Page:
I’m here with a number theory data sufficiency problem. Like many of the other problems, we’re going to look at this problem over here, structurally, as well as mathematically. Taking a look at the stem the first thing we are struck by is the idea that we need to figure out this evenness and oddness.
What Do We Need?
When we ask ourselves what do we need: a few things should draw our attention: First, that one of these elements is squared. So if B is squared then no matter what it is its square will have the same identity: even squared is even, odd squared is odd. But also because we’re adding these two things together, for something to be odd one of them has to be odd, the other has to be even. But it could go either way so there’s a lot of moving pieces. The easiest thing to do is to say: “I need to know if each of them is even or odd.” But, of course, we know that the GMAT is not going to give us this information.
Start With Statement 1
Let’s take a look then at statement one and statement two. And because statement one is very straightforward we should begin there. So here we’re told very quickly succinctly: one is even one is odd. We can run a scenario and plug in some numbers, a two and a three for example, or deal with it at the identity level Either way, that gives us a straight answer that is sufficient. If that’s not visible to you I would suggest that you review your number properties. In general, this is enough and we say: “Okay, well, one’s sufficient.”
Statement Number 2
Then we get into number two and we have this “B plus C” is odd and immediately we might end up dismissing this and this would be a mistake. The reason we end up dismissing it is because one was so straightforward in addressing what we needed that two feels like because B and C aren’t extricated from each other that it’s almost too complex. So the GMAT may have lulled us into a sense of security with statement number one, which I think is one of the really neat structural features of this problem. If statement one were more complex we would actually spend more time looking at statement two.
Diving into statement two a little more deeply we can see that because B plus C is odd rather than even one must be even the other must be odd. And because it doesn’t matter which, something that we ascertained when we were looking at the question stem which is why that proactive thinking is really important, we can say well as long as one is each then that’s going to be sufficient as well. And so here the answer is D.
I want to put up a third piece of information. And this is a really useful thing to do when you’re self-prepping is to look at data sufficiency and then postulate what other piece of information might have some subtlety, might the GMAT give us to induce us to an incorrect answer by modulating the complexity not in the question stem but in the introduced information. So here we have C equals B over 2. What this means is B must be even. Take a minute to think about that. We can’t know anything about C but B must be even because they’re integers and because you can slice B into two B is the even one. It’s tempting to move that 2 over and say 2C equals B and say: “Wait, C is even.”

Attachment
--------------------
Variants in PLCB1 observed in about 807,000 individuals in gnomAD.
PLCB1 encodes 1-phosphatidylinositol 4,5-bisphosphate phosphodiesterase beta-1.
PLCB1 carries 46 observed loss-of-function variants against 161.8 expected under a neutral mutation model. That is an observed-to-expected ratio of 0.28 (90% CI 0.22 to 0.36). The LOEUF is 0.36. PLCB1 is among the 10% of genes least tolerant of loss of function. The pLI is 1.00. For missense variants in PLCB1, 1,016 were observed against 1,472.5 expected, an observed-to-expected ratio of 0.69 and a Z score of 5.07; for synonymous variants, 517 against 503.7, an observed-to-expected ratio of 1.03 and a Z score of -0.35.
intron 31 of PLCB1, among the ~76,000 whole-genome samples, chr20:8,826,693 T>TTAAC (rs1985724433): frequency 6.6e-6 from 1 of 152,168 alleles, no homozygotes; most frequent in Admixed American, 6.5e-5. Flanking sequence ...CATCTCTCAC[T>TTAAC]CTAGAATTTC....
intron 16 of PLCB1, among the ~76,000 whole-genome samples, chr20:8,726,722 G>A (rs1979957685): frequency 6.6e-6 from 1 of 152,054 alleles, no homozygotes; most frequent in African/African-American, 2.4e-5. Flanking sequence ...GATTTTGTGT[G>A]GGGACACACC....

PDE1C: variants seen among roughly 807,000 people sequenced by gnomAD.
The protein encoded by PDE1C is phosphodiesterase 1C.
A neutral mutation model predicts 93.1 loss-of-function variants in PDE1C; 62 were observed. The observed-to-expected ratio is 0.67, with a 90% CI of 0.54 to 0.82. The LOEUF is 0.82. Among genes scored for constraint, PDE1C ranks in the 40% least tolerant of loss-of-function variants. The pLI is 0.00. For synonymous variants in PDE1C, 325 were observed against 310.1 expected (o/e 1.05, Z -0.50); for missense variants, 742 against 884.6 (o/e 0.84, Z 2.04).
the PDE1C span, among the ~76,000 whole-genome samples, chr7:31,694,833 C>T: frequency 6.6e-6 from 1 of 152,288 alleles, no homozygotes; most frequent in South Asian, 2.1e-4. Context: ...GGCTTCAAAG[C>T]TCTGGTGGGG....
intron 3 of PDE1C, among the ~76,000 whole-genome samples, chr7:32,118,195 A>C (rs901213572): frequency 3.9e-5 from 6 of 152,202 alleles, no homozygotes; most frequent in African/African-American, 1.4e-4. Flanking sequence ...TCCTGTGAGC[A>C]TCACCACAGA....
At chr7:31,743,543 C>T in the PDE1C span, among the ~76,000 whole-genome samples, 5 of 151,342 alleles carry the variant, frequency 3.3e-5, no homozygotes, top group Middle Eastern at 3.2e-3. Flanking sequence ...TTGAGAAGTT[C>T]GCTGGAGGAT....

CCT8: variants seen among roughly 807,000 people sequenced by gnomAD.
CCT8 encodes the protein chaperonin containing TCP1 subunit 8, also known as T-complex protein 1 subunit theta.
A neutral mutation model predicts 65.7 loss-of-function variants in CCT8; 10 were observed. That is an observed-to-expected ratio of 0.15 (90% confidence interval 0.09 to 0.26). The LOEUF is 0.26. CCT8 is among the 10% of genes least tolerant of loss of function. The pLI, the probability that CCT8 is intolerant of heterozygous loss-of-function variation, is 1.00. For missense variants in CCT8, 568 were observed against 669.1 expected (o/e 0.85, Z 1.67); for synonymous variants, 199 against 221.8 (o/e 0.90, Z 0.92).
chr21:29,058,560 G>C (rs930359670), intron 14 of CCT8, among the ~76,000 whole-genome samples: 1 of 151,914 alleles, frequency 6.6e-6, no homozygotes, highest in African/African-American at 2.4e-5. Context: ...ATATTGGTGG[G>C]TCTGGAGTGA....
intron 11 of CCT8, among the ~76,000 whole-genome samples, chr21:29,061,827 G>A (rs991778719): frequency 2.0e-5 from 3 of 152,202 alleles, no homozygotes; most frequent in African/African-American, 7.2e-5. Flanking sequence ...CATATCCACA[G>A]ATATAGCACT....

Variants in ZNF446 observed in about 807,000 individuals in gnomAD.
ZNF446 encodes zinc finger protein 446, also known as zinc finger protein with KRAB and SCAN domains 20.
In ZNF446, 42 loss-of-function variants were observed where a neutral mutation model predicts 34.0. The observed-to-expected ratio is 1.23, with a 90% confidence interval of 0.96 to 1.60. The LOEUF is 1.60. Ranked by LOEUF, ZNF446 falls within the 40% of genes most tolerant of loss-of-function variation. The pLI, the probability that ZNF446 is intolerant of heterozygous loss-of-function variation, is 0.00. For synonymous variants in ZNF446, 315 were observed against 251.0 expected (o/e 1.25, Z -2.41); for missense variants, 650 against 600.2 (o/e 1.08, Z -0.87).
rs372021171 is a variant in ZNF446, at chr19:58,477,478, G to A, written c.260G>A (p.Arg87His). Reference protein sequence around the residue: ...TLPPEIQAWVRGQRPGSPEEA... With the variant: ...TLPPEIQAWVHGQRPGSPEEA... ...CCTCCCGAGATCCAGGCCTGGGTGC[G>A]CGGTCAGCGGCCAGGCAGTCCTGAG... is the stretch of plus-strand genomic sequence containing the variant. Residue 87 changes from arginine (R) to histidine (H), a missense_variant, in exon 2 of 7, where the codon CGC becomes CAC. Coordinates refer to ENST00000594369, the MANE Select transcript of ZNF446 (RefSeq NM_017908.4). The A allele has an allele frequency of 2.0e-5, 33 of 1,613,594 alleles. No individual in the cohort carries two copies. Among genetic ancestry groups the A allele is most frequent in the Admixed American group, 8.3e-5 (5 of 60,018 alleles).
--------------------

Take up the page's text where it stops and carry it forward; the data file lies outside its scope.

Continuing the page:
But if you think about that a little more deeply it doesn’t add up because what we’re doing is multiplying C. An odd or an even number times 2 is going to result in an even. So this is a really great problem form because the same pattern of even/odd identities with different embedded equations and different ways of hiding whether B or C or M, N, or X and Y, or P and Q are odd or even is a very common trope especially as you get to the more challenging levels of the GMAT where you have these abstract DS questions, abstract inequalities that are really the bread and butter of 700 plus.
Examine This Problem Form Deeply
So as a more general problem form this is one to examine deeply and play around with in a whole bunch of different ways. You can introduce exponents, absolute value, inequalities as I mentioned, quadratic identities are a big one where, for example, you have a difference of two squares and then you’ve got one piece or the other, the X plus Y or X minus Y and they give you information on that. And so as you’re doing this, one of the most important pivot questions to look at is: “How do I convert this piece of information into the information they’re asking me about in the question stem?” or vice versa: “How do I relate this information in the question stem to this piece of information?” because almost certainly they’re going to be related and it’s in that relationship that you determine whether or not it’s sufficient.
And typically as the subtleties increase that relationship is what defines the entire problem. I realize that’s a little meta but these questions are a little meta. So I hope this helps! Wishing you guys a great day and like and subscribe below and we’ll see you real soon!